Advent of Code 2022 and Exercism


Lately I have been doing some code challenges and participating at after hearing good things about the platform. They have exercises available in many languages and an active community. I focused on typescript and javascript and uploaded some of my solutions to github, or you can find my exercism profile here. I was also able to contribute as a mentor to a couple people looking for explanations or assistance with problems. Exercism has an easy way to copy or export the code and tests to a local machine. This lets you preserve the challenges in case anything happens to the website and a good way to share the solutions.

Latest exercism stats:
Typescript challenges completed: 60
Javascript challenges completed: 40
Including implementing some cool functions such as:

Around the holidays I learned about the Advent of Code, great timing! The advent of code is a holiday coding event broken down into 25 different 2-part challenges. It's known for:

  • being more challenging as it goes on
  • having some large numbers and inputs to deal with
  • testing problem solving skills with programming

It's very flexible in what kind of environment and tools you use. Any language or method is allowed as long as you find the correct answer. I chose to use only javascript. Some of the days were very difficult and time consuming. On some I had to look at the AOC reddit for hints, but most days I was able to finish alone using just the MDN javascript docs and it is mostly original code. Some of the advanced topics involved maze solving, Breadth First Search, Depth First Search, Linked Lists, Circular Linked Lists, recursive structures, modular arithmetic, 3d arrays and matrices, and lots of object oriented programming in my solutions.

My solutions to Advent of Code 2022 and Exercism on github

Most of my solutions run reasonably fast. I was happy to finish days 20-25 without help. Overall it was mostly fun solving these puzzles and definitely educational. My solutions by the end of the challenge were a lot tighter and felt more comfortable. A few things that I found helpful while working on these was to send the output and logs of a node script to an output file like:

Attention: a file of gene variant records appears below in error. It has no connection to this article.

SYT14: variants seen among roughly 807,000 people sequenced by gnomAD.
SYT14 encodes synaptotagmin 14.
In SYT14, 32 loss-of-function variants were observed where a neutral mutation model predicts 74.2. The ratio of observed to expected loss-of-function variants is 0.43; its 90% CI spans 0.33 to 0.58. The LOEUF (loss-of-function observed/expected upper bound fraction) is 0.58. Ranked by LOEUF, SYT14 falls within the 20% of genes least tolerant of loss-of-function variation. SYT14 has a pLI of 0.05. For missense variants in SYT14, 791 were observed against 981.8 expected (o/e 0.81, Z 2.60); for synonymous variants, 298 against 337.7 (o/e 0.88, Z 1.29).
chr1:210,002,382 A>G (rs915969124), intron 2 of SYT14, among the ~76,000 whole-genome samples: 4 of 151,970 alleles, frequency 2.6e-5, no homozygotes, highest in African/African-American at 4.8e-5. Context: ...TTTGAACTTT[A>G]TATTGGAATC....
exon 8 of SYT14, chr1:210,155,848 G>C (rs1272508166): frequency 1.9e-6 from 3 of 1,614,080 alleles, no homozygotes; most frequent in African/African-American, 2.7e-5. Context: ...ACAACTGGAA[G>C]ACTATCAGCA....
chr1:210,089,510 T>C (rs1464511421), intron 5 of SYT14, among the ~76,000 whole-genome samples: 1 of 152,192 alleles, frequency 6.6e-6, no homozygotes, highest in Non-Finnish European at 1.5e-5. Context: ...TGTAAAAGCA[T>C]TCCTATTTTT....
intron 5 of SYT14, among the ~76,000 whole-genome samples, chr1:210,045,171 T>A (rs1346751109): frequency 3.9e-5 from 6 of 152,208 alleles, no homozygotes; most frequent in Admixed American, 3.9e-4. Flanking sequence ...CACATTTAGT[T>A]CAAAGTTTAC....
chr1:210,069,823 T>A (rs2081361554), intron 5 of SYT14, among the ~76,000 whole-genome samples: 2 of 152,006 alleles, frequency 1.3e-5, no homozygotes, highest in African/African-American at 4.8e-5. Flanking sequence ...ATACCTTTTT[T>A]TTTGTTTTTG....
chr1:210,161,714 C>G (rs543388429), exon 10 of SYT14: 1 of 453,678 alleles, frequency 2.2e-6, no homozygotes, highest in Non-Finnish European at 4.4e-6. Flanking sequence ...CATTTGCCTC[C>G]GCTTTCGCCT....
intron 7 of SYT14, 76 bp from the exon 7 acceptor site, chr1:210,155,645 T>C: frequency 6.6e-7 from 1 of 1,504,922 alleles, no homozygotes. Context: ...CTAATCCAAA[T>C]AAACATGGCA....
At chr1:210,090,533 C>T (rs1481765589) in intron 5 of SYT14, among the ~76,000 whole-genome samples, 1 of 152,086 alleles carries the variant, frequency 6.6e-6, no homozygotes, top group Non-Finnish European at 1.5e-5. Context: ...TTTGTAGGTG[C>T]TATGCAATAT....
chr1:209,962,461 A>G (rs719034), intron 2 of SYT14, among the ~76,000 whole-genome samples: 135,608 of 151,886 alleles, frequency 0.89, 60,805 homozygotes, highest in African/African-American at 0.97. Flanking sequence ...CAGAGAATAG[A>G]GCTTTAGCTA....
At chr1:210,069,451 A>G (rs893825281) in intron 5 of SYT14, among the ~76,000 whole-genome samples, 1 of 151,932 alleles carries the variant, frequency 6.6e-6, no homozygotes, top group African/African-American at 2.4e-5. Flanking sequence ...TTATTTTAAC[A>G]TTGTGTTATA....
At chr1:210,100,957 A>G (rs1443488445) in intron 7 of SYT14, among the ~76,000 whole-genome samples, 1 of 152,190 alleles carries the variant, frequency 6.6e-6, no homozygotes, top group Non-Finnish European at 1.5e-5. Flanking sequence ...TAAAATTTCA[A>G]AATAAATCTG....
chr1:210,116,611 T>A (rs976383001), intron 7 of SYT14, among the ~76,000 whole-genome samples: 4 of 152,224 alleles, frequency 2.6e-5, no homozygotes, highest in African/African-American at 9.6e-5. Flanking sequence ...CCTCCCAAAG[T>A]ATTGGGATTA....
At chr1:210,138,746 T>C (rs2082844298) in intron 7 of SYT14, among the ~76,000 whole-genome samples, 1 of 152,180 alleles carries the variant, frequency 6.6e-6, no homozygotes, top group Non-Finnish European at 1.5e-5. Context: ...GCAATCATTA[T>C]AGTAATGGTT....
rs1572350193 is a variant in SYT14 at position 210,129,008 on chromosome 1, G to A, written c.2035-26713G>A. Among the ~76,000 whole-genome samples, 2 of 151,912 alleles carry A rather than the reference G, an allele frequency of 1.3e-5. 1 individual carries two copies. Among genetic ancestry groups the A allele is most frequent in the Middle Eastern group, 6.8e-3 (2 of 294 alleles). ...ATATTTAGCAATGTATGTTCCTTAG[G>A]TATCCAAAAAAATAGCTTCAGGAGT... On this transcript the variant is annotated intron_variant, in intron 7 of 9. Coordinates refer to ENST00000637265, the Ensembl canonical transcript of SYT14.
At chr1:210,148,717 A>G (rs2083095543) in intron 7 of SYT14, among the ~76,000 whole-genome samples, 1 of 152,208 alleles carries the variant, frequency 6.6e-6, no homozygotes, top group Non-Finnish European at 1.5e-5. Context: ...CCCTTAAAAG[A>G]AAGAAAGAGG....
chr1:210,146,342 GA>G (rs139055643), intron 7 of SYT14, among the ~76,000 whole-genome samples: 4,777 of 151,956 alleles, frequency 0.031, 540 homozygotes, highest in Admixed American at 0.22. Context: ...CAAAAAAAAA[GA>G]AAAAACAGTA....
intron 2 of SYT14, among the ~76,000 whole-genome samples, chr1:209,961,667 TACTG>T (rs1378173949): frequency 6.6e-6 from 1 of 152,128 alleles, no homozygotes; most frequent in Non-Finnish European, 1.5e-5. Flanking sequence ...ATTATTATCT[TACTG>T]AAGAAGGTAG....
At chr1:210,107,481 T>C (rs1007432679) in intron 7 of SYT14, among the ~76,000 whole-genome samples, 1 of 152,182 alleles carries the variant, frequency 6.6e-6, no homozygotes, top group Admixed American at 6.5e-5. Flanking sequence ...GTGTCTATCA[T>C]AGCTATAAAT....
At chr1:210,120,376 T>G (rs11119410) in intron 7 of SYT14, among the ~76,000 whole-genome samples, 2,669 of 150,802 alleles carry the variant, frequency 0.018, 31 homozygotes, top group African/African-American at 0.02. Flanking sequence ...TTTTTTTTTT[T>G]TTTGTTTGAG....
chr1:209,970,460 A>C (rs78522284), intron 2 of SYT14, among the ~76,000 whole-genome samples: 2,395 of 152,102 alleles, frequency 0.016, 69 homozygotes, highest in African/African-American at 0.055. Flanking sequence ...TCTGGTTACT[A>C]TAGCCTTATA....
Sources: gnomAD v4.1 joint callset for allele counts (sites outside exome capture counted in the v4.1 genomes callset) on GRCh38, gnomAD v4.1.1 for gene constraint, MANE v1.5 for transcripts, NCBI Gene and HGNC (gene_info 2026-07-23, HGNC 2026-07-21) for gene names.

node aoc2022day1.js > output.log &

Sometimes it was easier using paper to write out observations or math or draw something to get started before moving to the programming part. A lot of the effort was planning and thinking about how to approach each problem. It was very difficult at times, but that also means you feel more accomplished when completing a hard one. I was impressed with the creative story, well designed puzzles, and the calendar itself. Getting 50 stars was not easy and it felt great to finish. Another valuable aspect is looking back at other's approaches and solutions after finishing a problem. It's a good introduction to other languages and styles. In addition to looking at javascript I have been reviewing the days and looking at typescript and other language solutions as well.

I missed the starting date this year and wasn't competing for speed or to even finish the calendar on time. I think that ended up being better to be able to put as much time into each question as needed. Many times that meant spending more than one day on a question. It would be fun in another way though to start on the 1st day and try to keep up with the daily calendar. There are many past years AOCs that I have never seen and that could be fun to work through.

Some people in the community also make visualizations of different questions. Those can be helpful when trying to learn a concept. It would also be valuable to go back and make some optimizations. There is certainly a lot of room for improvement in mine and looking at other people's solutions is a great resource.